After a two-year pilot run, council members will need to decide whether to have the board continue in its current capacity or change course. But that decision will be made at a future meeting and no date was set Tuesday by City Council members.

While council members were mixed over where to take the Public Safety Board, several public speakers called on them to expand the board and its powers.

“Once you have a purpose for the Public Safety Board, enshrine it in the city charter – don’t look at it as a tentative, experimental thing,” said David Haas, an attorney and member of the Anaheim-based Latino advocacy group Los Amigos. Haas served on the San Diego County Citizens Law Enforcement Review Board in the 1990s.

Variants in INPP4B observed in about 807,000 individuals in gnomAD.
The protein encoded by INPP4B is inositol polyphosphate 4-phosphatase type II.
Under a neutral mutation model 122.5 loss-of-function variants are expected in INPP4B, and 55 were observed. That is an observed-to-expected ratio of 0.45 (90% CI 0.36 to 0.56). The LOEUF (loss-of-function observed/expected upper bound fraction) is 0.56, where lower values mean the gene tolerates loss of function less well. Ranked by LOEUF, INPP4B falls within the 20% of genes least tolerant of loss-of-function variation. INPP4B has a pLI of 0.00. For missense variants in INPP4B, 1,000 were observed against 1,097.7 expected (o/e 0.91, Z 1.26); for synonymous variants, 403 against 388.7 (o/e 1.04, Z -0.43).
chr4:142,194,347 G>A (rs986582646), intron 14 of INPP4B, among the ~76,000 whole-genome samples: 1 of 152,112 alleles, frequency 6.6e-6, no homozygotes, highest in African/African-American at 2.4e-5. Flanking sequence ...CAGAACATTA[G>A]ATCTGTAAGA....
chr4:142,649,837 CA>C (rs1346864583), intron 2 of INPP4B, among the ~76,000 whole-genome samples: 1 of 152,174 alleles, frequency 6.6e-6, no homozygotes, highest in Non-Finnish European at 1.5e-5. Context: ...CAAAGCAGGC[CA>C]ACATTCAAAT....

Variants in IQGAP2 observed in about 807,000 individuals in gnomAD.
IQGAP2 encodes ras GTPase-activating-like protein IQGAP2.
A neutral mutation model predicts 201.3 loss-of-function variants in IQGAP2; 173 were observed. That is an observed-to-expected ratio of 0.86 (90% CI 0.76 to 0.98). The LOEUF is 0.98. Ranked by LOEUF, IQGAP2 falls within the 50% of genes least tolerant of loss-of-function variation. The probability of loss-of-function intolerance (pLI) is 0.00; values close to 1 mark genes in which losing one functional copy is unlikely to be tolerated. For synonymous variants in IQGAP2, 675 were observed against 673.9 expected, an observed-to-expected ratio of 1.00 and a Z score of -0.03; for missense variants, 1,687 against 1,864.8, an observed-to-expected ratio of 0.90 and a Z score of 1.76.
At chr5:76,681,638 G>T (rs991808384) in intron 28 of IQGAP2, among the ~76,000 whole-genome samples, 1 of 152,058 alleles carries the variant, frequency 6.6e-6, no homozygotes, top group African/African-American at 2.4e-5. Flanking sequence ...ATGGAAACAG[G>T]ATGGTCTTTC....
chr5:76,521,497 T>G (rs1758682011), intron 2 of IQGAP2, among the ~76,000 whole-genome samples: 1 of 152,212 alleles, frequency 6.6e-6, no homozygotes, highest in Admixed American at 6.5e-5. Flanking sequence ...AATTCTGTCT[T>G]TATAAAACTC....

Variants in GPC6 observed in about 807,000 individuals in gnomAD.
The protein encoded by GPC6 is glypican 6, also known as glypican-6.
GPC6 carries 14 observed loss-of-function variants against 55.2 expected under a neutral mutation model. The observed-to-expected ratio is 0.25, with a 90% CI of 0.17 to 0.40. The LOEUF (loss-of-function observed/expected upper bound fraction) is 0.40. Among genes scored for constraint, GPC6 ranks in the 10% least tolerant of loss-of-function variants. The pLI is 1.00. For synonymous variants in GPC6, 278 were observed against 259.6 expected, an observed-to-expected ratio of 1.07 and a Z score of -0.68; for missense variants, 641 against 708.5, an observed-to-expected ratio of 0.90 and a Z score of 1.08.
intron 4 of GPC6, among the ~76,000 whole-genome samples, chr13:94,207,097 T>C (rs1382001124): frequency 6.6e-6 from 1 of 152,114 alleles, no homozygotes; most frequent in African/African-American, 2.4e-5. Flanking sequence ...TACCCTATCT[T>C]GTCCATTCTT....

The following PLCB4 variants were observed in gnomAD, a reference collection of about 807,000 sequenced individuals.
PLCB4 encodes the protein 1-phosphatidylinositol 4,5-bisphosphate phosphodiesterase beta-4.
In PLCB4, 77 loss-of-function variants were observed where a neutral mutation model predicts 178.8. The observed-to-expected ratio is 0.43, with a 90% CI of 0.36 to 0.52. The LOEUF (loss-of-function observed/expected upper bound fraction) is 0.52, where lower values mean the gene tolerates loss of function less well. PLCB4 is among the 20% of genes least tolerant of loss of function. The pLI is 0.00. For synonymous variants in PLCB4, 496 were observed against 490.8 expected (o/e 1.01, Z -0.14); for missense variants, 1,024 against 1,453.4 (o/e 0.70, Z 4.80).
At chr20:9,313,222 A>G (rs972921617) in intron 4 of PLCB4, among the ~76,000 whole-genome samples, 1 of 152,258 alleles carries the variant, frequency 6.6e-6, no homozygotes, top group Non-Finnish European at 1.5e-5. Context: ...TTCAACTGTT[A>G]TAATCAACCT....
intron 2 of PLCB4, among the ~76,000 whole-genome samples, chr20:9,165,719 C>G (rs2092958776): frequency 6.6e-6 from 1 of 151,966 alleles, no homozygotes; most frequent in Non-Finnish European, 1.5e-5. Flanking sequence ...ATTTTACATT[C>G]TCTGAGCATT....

“Get rid of the mystery and suspicion [involved when] the police investigate themselves,” Haas said.

The American Civil Liberties Union of Southern California called for an independent civilian review board with broad scope to review and investigate complaints, and the ability to audit police policies and practices.

A representative of Orange County Communities Organized for Responsible Development (OCCORD) also called for the formation of a full-fledged commission that reports to the City Council.

Currently, the city manager has sole discretion over whether the board’s recommendations will be implemented.

“We believe a single person should not hold such power when it comes to the safety and trust of the community,” said Alex Rosado, a representative of OCCORD.

Several residents also commented on the police department’s response to the incident last week between the Los Angeles police officer, 34-year-old Kevin Ferguson, and a group of teens.